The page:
Next up, Ceanothus ‘Concha.' Just one itty bitty blossom, somewhat lost in the branches, but I’m counting it. As I mentioned in an earlier blog, I worship unabashedly at the altar of Ceanothus and welcome the arrival of the purple-drenched season. Concha (or Conch Concherello, as I call it—sorry, gotta remember 70s TV for that one) is located next to a ‘Skylark’ Ceanothus, which blooms late, like into June, so in theory there will be a long stretch of Ceanothusyness each year. I worry a little about Conch ‘n’ Jon, er, Skylark, though, because their site is a bit shadier than my wishful-thinking memory had bet on.

That’s it for me bloom-wise so far. Oop, also some Lewisia cotyledon, which I forgot to photograph, but they seem to bloom on a whim whenever they feel like it, so not sure they count as signs of spring. Also some blooms on the wild strawberries, didn’t even think to photograph them—overlooked my lowly little friends, even though I really value them for their low groundcover usefulness.

Budding up next looks to be Ribes viburnifolium. It was blooming nicely by late February last year. I think it is a somewhat underrated plant, being really tough in dry conditions, yet able to grow and bloom in near full shade, and though others may describe the flowers as somewhat nondescript, I find them delightful. Here’s a pic from last year.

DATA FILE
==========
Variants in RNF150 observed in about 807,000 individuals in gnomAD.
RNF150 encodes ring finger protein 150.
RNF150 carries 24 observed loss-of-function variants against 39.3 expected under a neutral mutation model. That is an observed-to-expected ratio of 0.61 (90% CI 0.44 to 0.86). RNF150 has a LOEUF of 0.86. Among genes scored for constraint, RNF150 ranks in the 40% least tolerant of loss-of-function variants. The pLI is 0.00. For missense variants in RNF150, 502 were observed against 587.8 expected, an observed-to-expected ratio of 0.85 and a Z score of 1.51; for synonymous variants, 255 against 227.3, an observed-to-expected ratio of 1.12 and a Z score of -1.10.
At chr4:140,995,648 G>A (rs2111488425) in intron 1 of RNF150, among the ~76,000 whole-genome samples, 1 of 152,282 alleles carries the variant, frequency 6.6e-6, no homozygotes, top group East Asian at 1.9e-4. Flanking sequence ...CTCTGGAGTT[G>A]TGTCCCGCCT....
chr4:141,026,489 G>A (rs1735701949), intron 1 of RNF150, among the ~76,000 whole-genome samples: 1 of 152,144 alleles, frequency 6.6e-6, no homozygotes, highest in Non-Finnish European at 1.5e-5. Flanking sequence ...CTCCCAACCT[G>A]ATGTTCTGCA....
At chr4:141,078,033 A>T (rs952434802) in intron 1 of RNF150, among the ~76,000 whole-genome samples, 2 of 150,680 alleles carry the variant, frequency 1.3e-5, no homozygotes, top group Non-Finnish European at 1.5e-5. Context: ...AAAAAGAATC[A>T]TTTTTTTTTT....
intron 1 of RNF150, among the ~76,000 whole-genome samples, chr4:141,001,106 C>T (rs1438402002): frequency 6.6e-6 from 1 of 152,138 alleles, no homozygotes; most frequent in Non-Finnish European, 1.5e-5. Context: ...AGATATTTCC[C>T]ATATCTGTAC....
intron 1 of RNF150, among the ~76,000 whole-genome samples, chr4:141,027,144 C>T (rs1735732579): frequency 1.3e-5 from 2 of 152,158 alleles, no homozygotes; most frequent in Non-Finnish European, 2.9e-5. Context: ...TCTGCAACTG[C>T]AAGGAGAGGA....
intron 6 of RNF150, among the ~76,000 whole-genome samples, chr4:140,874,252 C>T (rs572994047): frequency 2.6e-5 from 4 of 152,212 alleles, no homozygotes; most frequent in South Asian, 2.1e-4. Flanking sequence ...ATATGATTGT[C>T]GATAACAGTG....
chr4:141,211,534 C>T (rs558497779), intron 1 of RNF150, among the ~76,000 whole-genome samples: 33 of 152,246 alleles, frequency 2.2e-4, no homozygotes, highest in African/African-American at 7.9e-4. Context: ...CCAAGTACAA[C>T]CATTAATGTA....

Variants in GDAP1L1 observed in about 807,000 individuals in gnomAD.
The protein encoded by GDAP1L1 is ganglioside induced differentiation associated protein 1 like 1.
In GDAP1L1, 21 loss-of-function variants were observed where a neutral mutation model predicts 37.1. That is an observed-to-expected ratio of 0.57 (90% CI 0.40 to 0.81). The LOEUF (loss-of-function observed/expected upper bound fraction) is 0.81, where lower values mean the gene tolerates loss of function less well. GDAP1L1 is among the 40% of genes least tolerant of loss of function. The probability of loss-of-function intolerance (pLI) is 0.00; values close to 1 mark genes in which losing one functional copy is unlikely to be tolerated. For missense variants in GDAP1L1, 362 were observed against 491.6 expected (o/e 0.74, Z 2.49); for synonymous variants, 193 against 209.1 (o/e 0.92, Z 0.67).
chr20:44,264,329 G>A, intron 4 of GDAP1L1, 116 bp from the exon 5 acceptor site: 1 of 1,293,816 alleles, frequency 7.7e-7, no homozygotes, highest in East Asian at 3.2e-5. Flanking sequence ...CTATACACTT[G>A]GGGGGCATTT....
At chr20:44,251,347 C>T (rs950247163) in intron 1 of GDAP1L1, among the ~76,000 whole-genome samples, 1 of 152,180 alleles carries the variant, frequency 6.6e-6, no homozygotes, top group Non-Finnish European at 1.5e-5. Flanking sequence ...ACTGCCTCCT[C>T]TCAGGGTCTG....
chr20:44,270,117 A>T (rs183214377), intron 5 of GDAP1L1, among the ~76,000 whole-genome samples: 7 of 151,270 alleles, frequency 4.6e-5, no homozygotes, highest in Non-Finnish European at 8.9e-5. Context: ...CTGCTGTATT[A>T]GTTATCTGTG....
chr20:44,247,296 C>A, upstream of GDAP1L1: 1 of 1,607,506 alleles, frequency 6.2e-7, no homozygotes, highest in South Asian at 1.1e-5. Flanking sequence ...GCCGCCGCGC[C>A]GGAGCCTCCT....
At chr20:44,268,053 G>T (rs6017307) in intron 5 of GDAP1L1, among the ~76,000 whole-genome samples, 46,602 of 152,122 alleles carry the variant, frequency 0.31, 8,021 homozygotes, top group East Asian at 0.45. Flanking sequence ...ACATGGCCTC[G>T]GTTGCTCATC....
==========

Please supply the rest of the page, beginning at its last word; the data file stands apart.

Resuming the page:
Finally, though my potted Arctostaphylos uva-ursi is covered in its sweet little pink bells, my ‘St. Helena’ and ‘Louis Edmunds’ Arctos are barely threatening to bloom. Some Arctostaphylos in the area are already dropping petals, so it causes me to worry a little that mine aren’t happy, but as I said, every site puts its own subtle spin on the seasons, so I’ll keep watching.


  1. I've only grown one Salvia spathacea plant, but my experience was that I planted it in March (from a 4-inch pot), it bloomed in May, and it died in June. So . . . well, take good care of it now that it's blooming. Mine died before the flowers even had a chance to produce seeds.

  2. Very pretty and delicate. Southern Utah has a fairly early spring, not February by any means but unfortunately it doesn't last too long before it gets too hot for the flowers. :( Enjoy your petals!